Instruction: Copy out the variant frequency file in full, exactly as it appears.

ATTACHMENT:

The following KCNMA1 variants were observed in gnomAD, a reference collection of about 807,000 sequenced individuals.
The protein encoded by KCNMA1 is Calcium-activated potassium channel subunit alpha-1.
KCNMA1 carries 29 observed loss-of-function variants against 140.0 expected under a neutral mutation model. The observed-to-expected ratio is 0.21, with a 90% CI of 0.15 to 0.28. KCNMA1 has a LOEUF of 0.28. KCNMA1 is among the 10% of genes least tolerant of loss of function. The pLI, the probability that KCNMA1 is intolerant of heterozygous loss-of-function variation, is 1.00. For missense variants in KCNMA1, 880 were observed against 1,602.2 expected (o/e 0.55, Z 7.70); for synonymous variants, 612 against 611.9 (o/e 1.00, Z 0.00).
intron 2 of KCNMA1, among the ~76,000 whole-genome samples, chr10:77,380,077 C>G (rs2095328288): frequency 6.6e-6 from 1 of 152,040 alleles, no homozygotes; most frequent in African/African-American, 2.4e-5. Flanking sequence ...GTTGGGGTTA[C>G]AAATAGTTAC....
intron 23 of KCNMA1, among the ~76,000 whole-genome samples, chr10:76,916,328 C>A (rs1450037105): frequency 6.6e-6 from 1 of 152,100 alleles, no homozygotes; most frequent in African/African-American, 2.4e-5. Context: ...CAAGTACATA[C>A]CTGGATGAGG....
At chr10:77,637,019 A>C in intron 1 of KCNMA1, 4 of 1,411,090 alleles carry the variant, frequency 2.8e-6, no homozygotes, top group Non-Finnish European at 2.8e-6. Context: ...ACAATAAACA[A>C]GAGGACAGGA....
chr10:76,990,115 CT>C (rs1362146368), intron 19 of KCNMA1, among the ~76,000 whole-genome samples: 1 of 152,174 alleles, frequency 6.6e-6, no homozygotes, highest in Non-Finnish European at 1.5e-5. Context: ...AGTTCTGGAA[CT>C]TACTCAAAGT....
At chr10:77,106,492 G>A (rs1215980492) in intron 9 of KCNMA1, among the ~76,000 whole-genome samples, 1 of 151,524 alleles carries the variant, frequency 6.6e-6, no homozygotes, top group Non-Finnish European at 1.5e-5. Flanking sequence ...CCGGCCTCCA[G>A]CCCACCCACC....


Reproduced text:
The following KCNMA1 variants were observed in gnomAD, a reference collection of about 807,000 sequenced individuals.
The protein encoded by KCNMA1 is Calcium-activated potassium channel subunit alpha-1.
KCNMA1 carries 29 observed loss-of-function variants against 140.0 expected under a neutral mutation model. The observed-to-expected ratio is 0.21, with a 90% CI of 0.15 to 0.28. KCNMA1 has a LOEUF of 0.28. KCNMA1 is among the 10% of genes least tolerant of loss of function. The pLI, the probability that KCNMA1 is intolerant of heterozygous loss-of-function variation, is 1.00. For missense variants in KCNMA1, 880 were observed against 1,602.2 expected (o/e 0.55, Z 7.70); for synonymous variants, 612 against 611.9 (o/e 1.00, Z 0.00).
intron 2 of KCNMA1, among the ~76,000 whole-genome samples, chr10:77,380,077 C>G (rs2095328288): frequency 6.6e-6 from 1 of 152,040 alleles, no homozygotes; most frequent in African/African-American, 2.4e-5. Flanking sequence ...GTTGGGGTTA[C>G]AAATAGTTAC....
intron 23 of KCNMA1, among the ~76,000 whole-genome samples, chr10:76,916,328 C>A (rs1450037105): frequency 6.6e-6 from 1 of 152,100 alleles, no homozygotes; most frequent in African/African-American, 2.4e-5. Context: ...CAAGTACATA[C>A]CTGGATGAGG....
At chr10:77,637,019 A>C in intron 1 of KCNMA1, 4 of 1,411,090 alleles carry the variant, frequency 2.8e-6, no homozygotes, top group Non-Finnish European at 2.8e-6. Context: ...ACAATAAACA[A>C]GAGGACAGGA....
chr10:76,990,115 CT>C (rs1362146368), intron 19 of KCNMA1, among the ~76,000 whole-genome samples: 1 of 152,174 alleles, frequency 6.6e-6, no homozygotes, highest in Non-Finnish European at 1.5e-5. Context: ...AGTTCTGGAA[CT>C]TACTCAAAGT....
At chr10:77,106,492 G>A (rs1215980492) in intron 9 of KCNMA1, among the ~76,000 whole-genome samples, 1 of 151,524 alleles carries the variant, frequency 6.6e-6, no homozygotes, top group Non-Finnish European at 1.5e-5. Flanking sequence ...CCGGCCTCCA[G>A]CCCACCCACC....